S&WB receives spending estimate
Cost is key to effort to privatize board
Wednesday June 18, 2003
By Martha Carr
The Sewerage & Water Board spends $75 million a year to run its water and sewer
systems as well as more than a dozen other departments the board is considering
privatizing, according to a baseline cost analysis the board could approve today.
The analysis, prepared by Deloitte & Touche and top water board staffers, was
commissioned to give members a clear idea of what the agency spends on the items and
services it is considering turning over to a private management company.
Initiated by Mayor Ray Nagin, the cost analysis will be critical in determining how
much bidders for the 20-year, roughly $1.5 billion contract can save taxpayers.
"It's an excellent first step because you can't make a good roux without the proper
ingredients," said Nagin spokesman Patrick Evans. "This provides the proper
ingredients to start cooking that roux."
The water board is in the midst of its second privatization drive in about four years. The
last effort, begun under former Mayor Marc Morial, fizzled in October when the board voted
6-5 to deny the bids of United Water, USFilter and an employee management group. Had the
contract been approved, it would have been one of the largest privatization contracts in
the United States.
During the early part of that bid process, the board was criticized for working from two
conflicting spending estimates: $52.4 million, the figure reached by its staff, and $74.9
million, the figure reached by the board's privatization consultant team, led by the law
firm Sullivan and Worcester in Washington.
Bids received ranged from $42.8 million to $50.2 million a year.
When Nagin took office, he pushed to get a reliable number. The accounting firms of
Deloitte & Touche and Postlethwaite & Netterville then came up with a more
definitive baseline of between $49 million and $51 million.
According to the new, expanded version of the proposed contract, that number now appears
to be $75,211,948, the amount financial advisers say it will cost taxpayers this year to
run both the water and sewer departments, as well as perform a slew of other support
functions such as payroll and
personnel. Many of those departments were not included in the board's original
Also up for board approval today is a long list of changes suggested by individual members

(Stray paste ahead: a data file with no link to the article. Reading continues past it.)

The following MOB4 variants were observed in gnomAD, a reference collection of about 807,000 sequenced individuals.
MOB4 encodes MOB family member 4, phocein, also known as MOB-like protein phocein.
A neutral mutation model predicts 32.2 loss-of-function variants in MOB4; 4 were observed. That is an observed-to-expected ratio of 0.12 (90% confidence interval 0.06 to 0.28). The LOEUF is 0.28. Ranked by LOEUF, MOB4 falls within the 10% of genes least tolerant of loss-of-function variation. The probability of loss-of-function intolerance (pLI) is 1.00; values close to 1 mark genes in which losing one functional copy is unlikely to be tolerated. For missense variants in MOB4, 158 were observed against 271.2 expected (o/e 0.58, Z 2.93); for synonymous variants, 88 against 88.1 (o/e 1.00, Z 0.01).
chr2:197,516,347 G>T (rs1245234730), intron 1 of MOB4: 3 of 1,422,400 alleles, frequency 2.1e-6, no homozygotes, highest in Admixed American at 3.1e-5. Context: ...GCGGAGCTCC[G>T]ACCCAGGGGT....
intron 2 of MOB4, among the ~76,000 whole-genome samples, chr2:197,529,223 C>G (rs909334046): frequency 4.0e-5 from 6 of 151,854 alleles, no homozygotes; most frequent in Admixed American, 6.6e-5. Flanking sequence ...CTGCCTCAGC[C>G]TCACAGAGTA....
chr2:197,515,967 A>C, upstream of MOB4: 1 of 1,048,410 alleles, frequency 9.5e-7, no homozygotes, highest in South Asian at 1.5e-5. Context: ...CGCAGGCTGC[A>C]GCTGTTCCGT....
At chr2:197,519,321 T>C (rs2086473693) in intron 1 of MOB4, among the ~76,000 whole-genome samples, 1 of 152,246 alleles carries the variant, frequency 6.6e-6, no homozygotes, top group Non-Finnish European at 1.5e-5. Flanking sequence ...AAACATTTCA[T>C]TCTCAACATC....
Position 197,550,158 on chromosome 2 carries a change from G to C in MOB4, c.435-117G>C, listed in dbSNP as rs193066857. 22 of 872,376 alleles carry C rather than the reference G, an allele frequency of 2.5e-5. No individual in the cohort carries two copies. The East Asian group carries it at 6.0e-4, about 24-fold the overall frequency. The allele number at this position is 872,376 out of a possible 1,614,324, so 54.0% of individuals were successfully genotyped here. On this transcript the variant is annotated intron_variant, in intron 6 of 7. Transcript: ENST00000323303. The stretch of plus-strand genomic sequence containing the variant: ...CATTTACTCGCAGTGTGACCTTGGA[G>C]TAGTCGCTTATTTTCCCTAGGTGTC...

to be included in a draft request for proposals prepared this spring by the consulting
team. If the board is successful in hashing them out, the document will be released for
public comment and posted on the water board's Web site. Five public hearings will follow
So far, the board has said it will give the public 30 days for comment. But Nagin
spokesman Chris Bonura said Tuesday that the mayor will recommend extending the comment
period to 60 days. The board meets today at 10 a.m. in Room 240 of the Sewerage &
Water Board Administration Building, 625 St. Joseph St.
Among the proposed changes are:
-- Splitting personnel and legal functions between the water board and the private
operator. In the case of personnel, the water board would hire all employees who will be
responsible for monitoring contract compliance, as well as top administrators in most
departments. The private operator would hire its own employees who would work in the water
and sewer departments, as well as civil service workers who would be employed by the board
in drainage and other areas. The board would retain the right to hire or fire any employee
of the water board.
As for legal, the board would maintain a separate legal office for the departments that
would remain under board control, such as drainage and power.
-- Removing a provision requiring the water board to reimburse a private company for costs
incurred in preparing a bid if residents vote down the contract in a referendum.
-- Increasing penalties from $10,000 to $500,000 if a private operator fails to achieve
the board's disadvantaged business enterprise participation goals. The proposed contract
currently calls for 34 percent participation on construction contracts, 13 percent on
supplies and non-professional service contracts, and 35 percent on professional service
contracts. A second
offense would incur a $1 million fine.
-- Allowing the board to hold the operator in default of the contract if it violates
disadvantaged business enterprise requirements. The board's consultants are recommending
against that, saying it could scare off potential bidders. Instead, they say the board
should consider default only if
there are multiple violations.
-- Requiring that all services currently contracted out to 100 percent minority-owned
businesses continue to be contracted out to 100 percent minority-owned businesses. The
consultants are recommending that the board's security contract, which is held by one such
business, be excluded
because of the evolving demands of security for the system.
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Martha Carr may be reached at email@example.com or